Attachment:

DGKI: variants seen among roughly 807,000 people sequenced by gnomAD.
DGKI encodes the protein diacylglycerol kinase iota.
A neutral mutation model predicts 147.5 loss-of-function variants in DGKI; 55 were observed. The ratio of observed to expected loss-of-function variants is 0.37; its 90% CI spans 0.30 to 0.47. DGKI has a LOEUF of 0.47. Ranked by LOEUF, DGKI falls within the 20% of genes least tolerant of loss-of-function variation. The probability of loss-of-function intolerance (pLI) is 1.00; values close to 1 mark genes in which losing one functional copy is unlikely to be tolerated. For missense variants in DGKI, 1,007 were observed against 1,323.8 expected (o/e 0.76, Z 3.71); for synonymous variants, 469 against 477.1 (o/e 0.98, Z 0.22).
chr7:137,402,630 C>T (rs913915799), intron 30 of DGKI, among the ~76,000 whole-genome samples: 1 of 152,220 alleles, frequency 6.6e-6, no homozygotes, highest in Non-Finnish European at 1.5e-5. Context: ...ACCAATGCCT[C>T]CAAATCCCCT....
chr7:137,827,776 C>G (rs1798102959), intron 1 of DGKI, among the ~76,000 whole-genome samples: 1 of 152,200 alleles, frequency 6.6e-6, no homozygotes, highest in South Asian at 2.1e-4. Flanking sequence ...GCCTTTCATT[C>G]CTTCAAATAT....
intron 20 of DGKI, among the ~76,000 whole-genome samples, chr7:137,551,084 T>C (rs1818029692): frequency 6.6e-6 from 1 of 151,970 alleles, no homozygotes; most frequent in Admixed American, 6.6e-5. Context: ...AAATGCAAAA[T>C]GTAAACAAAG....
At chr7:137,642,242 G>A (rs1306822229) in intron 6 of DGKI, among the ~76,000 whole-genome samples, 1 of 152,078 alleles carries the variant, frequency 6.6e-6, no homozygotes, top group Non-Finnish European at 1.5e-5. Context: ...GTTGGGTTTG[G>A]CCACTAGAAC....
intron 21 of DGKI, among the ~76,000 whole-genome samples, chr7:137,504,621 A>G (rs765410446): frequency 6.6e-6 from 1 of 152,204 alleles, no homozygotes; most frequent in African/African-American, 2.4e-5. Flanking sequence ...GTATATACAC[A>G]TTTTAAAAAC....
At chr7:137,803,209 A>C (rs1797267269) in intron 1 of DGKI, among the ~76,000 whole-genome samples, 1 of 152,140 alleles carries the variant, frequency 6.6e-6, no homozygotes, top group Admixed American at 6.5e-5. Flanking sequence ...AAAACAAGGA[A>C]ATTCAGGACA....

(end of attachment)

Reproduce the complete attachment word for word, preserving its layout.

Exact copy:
DGKI: variants seen among roughly 807,000 people sequenced by gnomAD.
DGKI encodes the protein diacylglycerol kinase iota.
A neutral mutation model predicts 147.5 loss-of-function variants in DGKI; 55 were observed. The ratio of observed to expected loss-of-function variants is 0.37; its 90% CI spans 0.30 to 0.47. DGKI has a LOEUF of 0.47. Ranked by LOEUF, DGKI falls within the 20% of genes least tolerant of loss-of-function variation. The probability of loss-of-function intolerance (pLI) is 1.00; values close to 1 mark genes in which losing one functional copy is unlikely to be tolerated. For missense variants in DGKI, 1,007 were observed against 1,323.8 expected (o/e 0.76, Z 3.71); for synonymous variants, 469 against 477.1 (o/e 0.98, Z 0.22).
chr7:137,402,630 C>T (rs913915799), intron 30 of DGKI, among the ~76,000 whole-genome samples: 1 of 152,220 alleles, frequency 6.6e-6, no homozygotes, highest in Non-Finnish European at 1.5e-5. Context: ...ACCAATGCCT[C>T]CAAATCCCCT....
chr7:137,827,776 C>G (rs1798102959), intron 1 of DGKI, among the ~76,000 whole-genome samples: 1 of 152,200 alleles, frequency 6.6e-6, no homozygotes, highest in South Asian at 2.1e-4. Flanking sequence ...GCCTTTCATT[C>G]CTTCAAATAT....
intron 20 of DGKI, among the ~76,000 whole-genome samples, chr7:137,551,084 T>C (rs1818029692): frequency 6.6e-6 from 1 of 151,970 alleles, no homozygotes; most frequent in Admixed American, 6.6e-5. Context: ...AAATGCAAAA[T>C]GTAAACAAAG....
At chr7:137,642,242 G>A (rs1306822229) in intron 6 of DGKI, among the ~76,000 whole-genome samples, 1 of 152,078 alleles carries the variant, frequency 6.6e-6, no homozygotes, top group Non-Finnish European at 1.5e-5. Context: ...GTTGGGTTTG[G>A]CCACTAGAAC....
intron 21 of DGKI, among the ~76,000 whole-genome samples, chr7:137,504,621 A>G (rs765410446): frequency 6.6e-6 from 1 of 152,204 alleles, no homozygotes; most frequent in African/African-American, 2.4e-5. Flanking sequence ...GTATATACAC[A>G]TTTTAAAAAC....
At chr7:137,803,209 A>C (rs1797267269) in intron 1 of DGKI, among the ~76,000 whole-genome samples, 1 of 152,140 alleles carries the variant, frequency 6.6e-6, no homozygotes, top group Admixed American at 6.5e-5. Flanking sequence ...AAAACAAGGA[A>C]ATTCAGGACA....